How to sleep: The shower trick to help you doze off more easily

Doctor explains why you should ‘never sleep in the nude’

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Whatever it is that is keeping you up at night, when you would rather be in a deep slumber, it is time to take control of your sleeping habits. One trick, suggested by Sleepstation – a clinical validated sleep improvement programme – is to have a shower. That’s right, as you are winding down for bedtime, it can help to get lashings of water pelt onto your skin.

Yet, getting the temperature correct is key – make sure it is “warm”.

A bit like entering the Goldilocks zone, it can not be too hot, nor too cold, but just right.

“To get good sleep, you need to lose approximately one degree of body temperature,” Sleepstation stated.

This technique is especially good for shift workers who might need to fall asleep during the day.

As body temperature is naturally higher during the day, shift workers are also advised to reduce their body temperature by:

  • Avoiding eating big, sugary, fatty meals before sleep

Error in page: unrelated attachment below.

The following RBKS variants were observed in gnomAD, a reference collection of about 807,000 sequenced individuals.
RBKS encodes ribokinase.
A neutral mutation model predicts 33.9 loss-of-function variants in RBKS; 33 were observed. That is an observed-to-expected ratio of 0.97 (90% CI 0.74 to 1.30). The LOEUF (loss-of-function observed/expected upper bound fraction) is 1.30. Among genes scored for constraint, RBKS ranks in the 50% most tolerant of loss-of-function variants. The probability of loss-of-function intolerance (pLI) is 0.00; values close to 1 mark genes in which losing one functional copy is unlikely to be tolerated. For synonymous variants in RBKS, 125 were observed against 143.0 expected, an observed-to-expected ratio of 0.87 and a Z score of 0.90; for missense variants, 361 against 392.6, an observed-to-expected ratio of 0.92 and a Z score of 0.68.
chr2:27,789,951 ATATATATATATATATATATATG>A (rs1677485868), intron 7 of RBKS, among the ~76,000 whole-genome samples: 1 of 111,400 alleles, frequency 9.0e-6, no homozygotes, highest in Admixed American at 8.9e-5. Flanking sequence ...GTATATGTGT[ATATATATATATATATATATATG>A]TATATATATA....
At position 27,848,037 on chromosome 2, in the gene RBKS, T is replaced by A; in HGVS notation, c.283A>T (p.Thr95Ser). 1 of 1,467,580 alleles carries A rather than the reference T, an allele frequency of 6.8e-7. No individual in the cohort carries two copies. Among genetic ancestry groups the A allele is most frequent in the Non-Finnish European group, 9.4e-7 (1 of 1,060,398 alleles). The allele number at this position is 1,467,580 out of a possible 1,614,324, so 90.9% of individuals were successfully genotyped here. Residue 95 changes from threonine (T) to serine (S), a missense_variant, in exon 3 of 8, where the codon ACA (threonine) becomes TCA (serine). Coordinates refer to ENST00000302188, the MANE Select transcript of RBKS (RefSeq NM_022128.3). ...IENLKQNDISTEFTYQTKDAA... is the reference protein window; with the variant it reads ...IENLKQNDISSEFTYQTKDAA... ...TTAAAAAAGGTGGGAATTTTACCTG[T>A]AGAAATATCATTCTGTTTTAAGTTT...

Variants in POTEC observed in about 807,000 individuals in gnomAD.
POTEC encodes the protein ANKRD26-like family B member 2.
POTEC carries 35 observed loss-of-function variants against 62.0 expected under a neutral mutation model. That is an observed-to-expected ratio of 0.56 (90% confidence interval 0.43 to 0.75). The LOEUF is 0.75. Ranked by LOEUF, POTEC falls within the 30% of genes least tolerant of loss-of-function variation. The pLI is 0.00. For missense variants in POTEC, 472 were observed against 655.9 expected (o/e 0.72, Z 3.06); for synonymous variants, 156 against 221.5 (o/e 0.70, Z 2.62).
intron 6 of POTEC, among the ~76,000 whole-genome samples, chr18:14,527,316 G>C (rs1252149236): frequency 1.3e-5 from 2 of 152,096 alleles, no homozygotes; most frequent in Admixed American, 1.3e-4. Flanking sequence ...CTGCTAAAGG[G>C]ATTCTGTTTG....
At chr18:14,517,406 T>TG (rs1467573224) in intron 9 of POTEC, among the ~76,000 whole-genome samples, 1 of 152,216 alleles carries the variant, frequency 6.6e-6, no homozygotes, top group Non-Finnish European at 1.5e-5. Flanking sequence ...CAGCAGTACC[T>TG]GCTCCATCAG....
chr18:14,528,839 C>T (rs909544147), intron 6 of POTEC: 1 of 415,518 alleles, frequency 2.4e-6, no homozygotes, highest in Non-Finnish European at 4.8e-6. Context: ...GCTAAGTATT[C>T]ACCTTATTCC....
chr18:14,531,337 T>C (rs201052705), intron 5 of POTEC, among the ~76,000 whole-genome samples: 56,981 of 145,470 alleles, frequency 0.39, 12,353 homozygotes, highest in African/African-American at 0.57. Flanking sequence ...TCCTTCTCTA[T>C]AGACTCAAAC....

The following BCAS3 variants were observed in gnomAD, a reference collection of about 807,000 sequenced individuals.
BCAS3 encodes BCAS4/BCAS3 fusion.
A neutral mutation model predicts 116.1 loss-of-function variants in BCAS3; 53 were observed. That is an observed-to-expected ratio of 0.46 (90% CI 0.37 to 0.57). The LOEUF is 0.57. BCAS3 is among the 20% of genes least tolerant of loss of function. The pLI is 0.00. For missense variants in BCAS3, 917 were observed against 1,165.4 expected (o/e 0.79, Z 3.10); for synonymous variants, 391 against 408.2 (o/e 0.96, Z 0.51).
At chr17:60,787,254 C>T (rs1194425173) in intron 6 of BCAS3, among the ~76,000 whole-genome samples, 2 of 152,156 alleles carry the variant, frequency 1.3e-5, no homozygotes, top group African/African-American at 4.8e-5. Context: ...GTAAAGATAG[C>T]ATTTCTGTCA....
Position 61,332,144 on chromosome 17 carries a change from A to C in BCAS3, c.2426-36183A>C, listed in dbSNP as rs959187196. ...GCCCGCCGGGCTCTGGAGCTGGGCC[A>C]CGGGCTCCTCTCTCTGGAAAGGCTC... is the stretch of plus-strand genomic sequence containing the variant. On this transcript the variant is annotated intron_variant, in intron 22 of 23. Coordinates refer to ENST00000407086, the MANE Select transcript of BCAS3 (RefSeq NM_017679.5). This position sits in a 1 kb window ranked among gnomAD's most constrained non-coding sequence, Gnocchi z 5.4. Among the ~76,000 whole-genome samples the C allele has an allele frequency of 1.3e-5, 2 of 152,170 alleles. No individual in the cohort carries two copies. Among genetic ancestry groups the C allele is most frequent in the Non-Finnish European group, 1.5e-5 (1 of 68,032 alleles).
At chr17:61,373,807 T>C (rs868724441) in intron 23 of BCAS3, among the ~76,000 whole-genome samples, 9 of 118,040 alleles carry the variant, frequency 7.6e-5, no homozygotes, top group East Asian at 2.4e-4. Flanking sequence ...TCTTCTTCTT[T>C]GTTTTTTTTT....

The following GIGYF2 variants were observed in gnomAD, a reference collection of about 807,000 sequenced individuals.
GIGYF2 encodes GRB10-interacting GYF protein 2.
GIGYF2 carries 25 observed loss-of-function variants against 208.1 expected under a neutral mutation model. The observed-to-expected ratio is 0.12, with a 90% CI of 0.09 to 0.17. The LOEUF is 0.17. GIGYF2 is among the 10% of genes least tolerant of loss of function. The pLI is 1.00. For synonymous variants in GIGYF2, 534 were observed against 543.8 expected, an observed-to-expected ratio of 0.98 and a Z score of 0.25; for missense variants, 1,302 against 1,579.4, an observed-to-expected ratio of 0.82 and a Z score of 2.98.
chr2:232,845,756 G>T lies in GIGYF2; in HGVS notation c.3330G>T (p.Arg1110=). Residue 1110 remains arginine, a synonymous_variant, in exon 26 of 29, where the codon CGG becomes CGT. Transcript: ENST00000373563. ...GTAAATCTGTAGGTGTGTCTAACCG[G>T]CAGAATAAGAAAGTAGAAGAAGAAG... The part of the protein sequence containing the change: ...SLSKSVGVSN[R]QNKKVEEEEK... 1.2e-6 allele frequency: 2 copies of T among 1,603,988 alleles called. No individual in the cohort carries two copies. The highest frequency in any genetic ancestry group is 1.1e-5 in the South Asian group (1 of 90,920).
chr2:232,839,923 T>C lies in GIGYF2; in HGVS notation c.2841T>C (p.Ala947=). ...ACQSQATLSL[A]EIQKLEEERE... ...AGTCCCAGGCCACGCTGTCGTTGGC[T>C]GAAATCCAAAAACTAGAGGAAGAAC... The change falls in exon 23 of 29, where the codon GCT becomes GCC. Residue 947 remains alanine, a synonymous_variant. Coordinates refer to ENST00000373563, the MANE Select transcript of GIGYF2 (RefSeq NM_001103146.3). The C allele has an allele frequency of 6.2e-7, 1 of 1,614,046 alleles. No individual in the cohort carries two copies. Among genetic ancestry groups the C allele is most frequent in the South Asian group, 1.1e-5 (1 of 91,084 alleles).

• Sleeping in a bedroom that gets the least exposure to sunlight.

But what if it’s not shift work that has you staying up at odd hours.

What about if you genuinely can not fall asleep, but you can not put your finger on why.

Could your bedroom set-up not be as ideal as it should be to promote good quality shuteye?

“If possible, your bedroom should be the room in your home that’s devoted to sleep,” Sleepstation said.

Furthermore, linking to the Golidlocks analogy earlier on, your room temperature is so important to how easily you can fall asleep.

Many experts say that the bedroom’s ideal temperature is 16C to 18C, but personal preference plays a role too.

Feeling too hot or too cold under your duvet will cause disturbed sleep.

Your bedroom also needs to be dark – so dark that you can not see the opposite side of the room.

“Even small amounts of light, for example from your alarm clock, can have an impact on your sleep,” Sleepstation added.

Thus, in order to have a dark room conducive to sleep, invest in blackout curtains or blinds and cover light-producing devices, such as the light emitted from a sound machine.

Speaking of sounds, silence is considered “golden” by Sleepstation.

The drone of an electric fan or a pink noise app can help to silence your bedroom.

Such sounds can be a distraction for your brain from more disruptive noises.

Another consideration to make is your mattress and pillows – are they comfortable?

If not, it is time to invest in where you sleep.

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